Mr. Castor was recommended to Mr. Trump and his advisers by his cousin, Stephen R. Castor, a House Republican staff lawyer who helped lead the president’s early defense against his first impeachment in 2019. Stephen Castor clashed with Democrats over Mr. Trump’s attempts to pressure Ukraine into announcing a corruption investigation into Joseph R. Biden Jr., his political rival.
The forces that drew Mr. Schoen to the world of Mr. Trump trace to the 1990s, when he represented two organized-crime convicts. Arguing that prosecutors had improperly withheld evidence that would have helped the defense, Mr. Schoen tried to overturn their convictions but failed.
Andrew Weissmann was one of those prosecutors. When the special counsel leading the Russia investigation, Robert S. Mueller III, hired Mr. Weissmann as a deputy, he became a favorite target of Trump allies seeking to discredit the broader inquiry. Mr. Schoen criticized Mr. Weissmann on Fox News and other conservative news outlets.
The relationship drew closer after Mr. Mueller’s office won convictions of Roger J. Stone Jr., Mr. Trump’s longtime friend and adviser, for crimes like lying to Congress and witness tampering. Mr. Schoen was handling Mr. Stone’s appeal before Mr. Trump granted him clemency. Mr. Schoen said he believed he had been recommended to the president for the impeachment trial as a result of that connection.
Mr. Castor and Mr. Schoen must now defend the former president against a charge of “incitement of insurrection” related to the riot at the Capitol by his supporters on Jan. 6. The case focuses on Mr. Trump’s monthslong campaign to make his followers believe the falsehood that he had won re-election but was denied victory because of fraud, and his exhortations to his supporters at a rally in Washington shortly before the riot to go to the Capitol and “fight like hell” as Congress was trying to formally certify Mr. Biden’s win.
Both Mr. Castor and Mr. Schoen have previously made headlines for other cases in which they pitted expressions of belief not necessarily supported by facts.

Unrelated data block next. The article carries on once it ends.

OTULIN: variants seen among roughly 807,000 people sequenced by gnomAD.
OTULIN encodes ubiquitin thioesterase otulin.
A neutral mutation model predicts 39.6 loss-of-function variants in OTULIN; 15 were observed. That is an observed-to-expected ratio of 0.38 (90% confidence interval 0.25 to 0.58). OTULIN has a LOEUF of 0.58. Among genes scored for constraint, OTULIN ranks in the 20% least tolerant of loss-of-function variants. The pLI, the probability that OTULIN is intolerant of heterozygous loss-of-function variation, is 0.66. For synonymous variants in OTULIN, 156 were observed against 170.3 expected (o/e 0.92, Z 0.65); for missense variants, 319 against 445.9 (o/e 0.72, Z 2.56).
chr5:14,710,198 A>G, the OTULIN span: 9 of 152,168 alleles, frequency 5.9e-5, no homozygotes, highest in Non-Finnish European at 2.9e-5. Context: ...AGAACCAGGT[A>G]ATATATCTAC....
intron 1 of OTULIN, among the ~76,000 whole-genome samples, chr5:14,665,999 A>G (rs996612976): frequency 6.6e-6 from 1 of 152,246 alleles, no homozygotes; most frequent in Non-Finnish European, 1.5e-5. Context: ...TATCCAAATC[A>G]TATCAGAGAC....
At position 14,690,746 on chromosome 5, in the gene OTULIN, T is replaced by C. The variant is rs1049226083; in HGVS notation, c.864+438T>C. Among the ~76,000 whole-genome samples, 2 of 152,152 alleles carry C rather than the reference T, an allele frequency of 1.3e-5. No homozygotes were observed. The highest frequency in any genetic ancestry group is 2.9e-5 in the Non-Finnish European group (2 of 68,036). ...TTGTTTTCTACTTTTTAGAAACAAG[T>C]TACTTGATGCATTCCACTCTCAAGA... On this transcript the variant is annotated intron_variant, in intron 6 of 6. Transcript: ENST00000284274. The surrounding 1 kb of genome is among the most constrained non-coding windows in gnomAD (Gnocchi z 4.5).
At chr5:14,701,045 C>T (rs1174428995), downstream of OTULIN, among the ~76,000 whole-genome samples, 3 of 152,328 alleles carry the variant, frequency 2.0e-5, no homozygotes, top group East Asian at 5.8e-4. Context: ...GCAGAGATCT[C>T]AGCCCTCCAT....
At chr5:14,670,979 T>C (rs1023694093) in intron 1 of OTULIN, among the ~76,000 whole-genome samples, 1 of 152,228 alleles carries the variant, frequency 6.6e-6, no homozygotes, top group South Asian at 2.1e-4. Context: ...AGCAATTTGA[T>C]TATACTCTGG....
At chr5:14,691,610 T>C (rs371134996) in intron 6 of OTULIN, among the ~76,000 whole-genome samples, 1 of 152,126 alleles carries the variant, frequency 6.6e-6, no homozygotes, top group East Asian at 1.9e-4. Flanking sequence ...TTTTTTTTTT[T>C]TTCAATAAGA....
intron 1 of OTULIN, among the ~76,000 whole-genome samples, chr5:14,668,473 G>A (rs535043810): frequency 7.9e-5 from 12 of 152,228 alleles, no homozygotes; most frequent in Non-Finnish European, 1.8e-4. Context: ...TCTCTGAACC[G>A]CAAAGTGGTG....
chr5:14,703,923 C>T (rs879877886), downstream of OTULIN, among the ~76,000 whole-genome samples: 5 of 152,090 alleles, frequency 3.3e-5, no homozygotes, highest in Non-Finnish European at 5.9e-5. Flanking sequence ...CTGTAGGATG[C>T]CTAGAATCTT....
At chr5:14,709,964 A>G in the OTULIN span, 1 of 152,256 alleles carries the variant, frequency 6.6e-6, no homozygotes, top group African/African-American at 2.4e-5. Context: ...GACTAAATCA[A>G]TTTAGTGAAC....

In 2002, when Mr. Castor was a district attorney, he fought the release from prison of a man who was exonerated of a rape conviction by a DNA test. The prisoner, Bruce Godschalk, had confessed to detectives but recanted long before his trial, but Mr. Castor had opposed allowing his DNA to be tested.
When scientific evidence refuted the prosecutors’ case against Mr. Godschalk, Mr. Castor questioned the validity of the test results while conceding that he had “no scientific basis” for doing so. Even after further testing confirmed the findings and he was forced to let Mr. Godschalk go, Mr. Castor continued to express doubts about the man’s innocence.
Mr. Schoen has made headlines more recently for expressing a belief that clashes with an official fact-finding conclusion: a medical examiner’s determination that Jeffrey Epstein, the disgraced financier and accused sex criminal, died by suicide in prison in 2019.
Nine days before Mr. Epstein’s death, Mr. Schoen had met with him for hours to discuss taking over his case. Based on Mr. Epstein’s demeanor and excitement about new legal strategies, and citing the nature of his injuries, Mr. Schoen said he did not think he had killed himself.
“I don’t think it was a suicide,” Mr. Schoen reiterated in the interview, adding: “I don’t know what happened. I don’t have a conspiracy theory.”
It has been reported that Mr. Trump and his original legal team, led by Butch Bowers, parted ways because of a clash over whether his defense should focus on his false claim that the election was stolen.
But Mr. Schoen said he had begun working with Mr. Bowers several days before most of the team departed, and that explanation for what happened was not accurate. He said there had been a miscommunication, but he declined to offer further detail other than to insist that “the president hasn’t pushed any agenda on this thing.”
Mr. Castor has also denied that Mr. Trump pushed them to focus on the legitimacy of the election results, telling a Philadelphia radio station that they would instead focus on “technical” legal arguments.
Together, Mr. Castor and Mr. Schoen are expected to argue that the Senate lacks constitutional jurisdiction to try former officials (even though it has done so before), and that Mr. Trump’s incendiary language before the riot fell short of what could yield an incitement conviction in a criminal court because of the First Amendment.
“This is a terrible chill on passionate political speech, even bringing this action,” Mr. Schoen said.